Provide physical shipping address and they are on the way.

    Thomas
    forstarts@aol.com
  13. roac

    roac New Member

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    If I remember correctly this is the manufacturer of those logs right?

    http://www.northidahoenergylogs.com/
  14. NWfuel

    NWfuel Minister of Fire

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    Yes, These are the best. We distribute these in the greater Seattle area. I have been watching my wood customers switch to these for the past 5 years. I might know of two machines that are available if someone has the raw material. These machines were built in 1929 and are 2 of the original 7 that were available. I can get 12-14 hours of heating with these in my wood stove.
    Thomas
  15. Todd

    Todd Minister of Fire

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    How would these work in a cat stove? If they burn so clean they wouldn't be feeding the catalyst.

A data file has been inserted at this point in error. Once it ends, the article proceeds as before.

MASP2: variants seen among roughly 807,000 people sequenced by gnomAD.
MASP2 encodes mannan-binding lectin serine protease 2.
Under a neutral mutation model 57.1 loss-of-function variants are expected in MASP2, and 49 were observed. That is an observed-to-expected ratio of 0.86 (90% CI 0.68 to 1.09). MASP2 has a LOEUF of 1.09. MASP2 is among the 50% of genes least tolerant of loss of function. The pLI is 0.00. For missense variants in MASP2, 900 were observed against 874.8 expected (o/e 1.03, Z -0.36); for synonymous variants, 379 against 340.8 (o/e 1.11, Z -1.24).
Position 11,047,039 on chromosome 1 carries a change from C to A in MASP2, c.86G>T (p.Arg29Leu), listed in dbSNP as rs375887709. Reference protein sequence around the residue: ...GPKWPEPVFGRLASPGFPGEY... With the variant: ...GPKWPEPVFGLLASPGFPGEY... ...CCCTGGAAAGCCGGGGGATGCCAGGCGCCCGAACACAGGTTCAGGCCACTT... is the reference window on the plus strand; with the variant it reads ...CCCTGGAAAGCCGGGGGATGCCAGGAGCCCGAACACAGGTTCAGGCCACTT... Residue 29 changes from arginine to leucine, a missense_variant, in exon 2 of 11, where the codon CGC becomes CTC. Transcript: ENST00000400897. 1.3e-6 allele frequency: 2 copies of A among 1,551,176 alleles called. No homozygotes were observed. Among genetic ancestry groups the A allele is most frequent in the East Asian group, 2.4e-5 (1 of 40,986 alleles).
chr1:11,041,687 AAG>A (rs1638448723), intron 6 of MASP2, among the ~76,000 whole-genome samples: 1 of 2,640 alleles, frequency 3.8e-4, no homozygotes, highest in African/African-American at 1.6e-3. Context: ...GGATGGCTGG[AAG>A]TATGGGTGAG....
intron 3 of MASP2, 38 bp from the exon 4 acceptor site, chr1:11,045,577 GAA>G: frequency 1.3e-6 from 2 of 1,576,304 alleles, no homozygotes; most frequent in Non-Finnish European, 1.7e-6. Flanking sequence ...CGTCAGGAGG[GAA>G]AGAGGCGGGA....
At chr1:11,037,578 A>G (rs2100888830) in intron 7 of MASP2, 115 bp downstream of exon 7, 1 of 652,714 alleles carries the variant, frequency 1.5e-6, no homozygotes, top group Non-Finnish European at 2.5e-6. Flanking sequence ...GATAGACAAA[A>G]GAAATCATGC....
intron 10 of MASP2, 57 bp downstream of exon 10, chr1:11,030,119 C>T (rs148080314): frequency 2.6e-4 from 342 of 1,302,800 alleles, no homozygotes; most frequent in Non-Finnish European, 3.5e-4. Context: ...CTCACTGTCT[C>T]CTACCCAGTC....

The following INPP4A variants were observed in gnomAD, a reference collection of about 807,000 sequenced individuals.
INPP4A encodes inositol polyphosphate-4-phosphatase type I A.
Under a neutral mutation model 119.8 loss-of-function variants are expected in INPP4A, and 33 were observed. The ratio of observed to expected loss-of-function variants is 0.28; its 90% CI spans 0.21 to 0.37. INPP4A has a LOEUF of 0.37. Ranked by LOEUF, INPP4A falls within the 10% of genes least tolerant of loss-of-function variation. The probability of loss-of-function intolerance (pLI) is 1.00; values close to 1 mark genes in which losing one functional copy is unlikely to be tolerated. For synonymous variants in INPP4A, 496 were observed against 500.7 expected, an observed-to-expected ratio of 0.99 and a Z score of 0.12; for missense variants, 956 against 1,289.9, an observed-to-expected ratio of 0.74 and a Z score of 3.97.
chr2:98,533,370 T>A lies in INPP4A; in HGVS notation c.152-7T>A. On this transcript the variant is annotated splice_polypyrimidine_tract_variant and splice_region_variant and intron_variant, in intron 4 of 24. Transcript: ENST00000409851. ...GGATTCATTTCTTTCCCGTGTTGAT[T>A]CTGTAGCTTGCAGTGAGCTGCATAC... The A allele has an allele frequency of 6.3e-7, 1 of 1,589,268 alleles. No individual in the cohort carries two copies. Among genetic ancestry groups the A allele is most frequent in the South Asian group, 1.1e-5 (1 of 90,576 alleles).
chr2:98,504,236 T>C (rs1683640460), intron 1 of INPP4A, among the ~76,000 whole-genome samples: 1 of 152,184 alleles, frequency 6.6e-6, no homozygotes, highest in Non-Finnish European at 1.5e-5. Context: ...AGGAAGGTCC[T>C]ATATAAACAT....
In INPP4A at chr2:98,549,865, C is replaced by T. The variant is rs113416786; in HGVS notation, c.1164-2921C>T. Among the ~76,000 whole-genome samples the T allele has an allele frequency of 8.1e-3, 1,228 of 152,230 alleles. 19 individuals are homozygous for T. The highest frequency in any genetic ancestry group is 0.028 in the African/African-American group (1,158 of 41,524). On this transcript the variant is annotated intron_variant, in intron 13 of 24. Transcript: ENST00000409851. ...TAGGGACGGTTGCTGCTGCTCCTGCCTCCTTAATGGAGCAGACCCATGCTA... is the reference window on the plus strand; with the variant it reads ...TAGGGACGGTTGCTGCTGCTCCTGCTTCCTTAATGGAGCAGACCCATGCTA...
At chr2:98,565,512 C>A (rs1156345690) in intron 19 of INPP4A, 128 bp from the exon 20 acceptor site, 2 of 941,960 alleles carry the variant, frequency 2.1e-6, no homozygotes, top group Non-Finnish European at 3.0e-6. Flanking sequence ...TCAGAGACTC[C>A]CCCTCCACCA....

Hey Mo, Are you still burning down in MO? Maybe Thomas should send them to someone where it is still cold?
  16. Sundeep Arole

    Sundeep Arole New Member

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    How much are those machines? What is the required raw material? What is the process? What sort of production rate can be expected with two machines running?
  17. wg_bent

    wg_bent Minister of Fire

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    She can't really make that comparison, since she lives very near Seattle (instead of here in the middle of Oak/Ash/Elm/Maple/Apple country) Most of what she has available is pine. Also, her alternative is electirc heat, so paying for compressed logs over electric is a no brainer. She owns a horse farm, so the idea of gathering/splitting wood is not in the cards. When she was here visiting in Dec, she commented on what a different world it was here in NY and gathering/splitting wood vs the ease of the compressed logs. She also commented on how different the fire looked with real wood...much more lively and colorful. I've been unable to find the compressed logs and would love to try them out. (hint hint)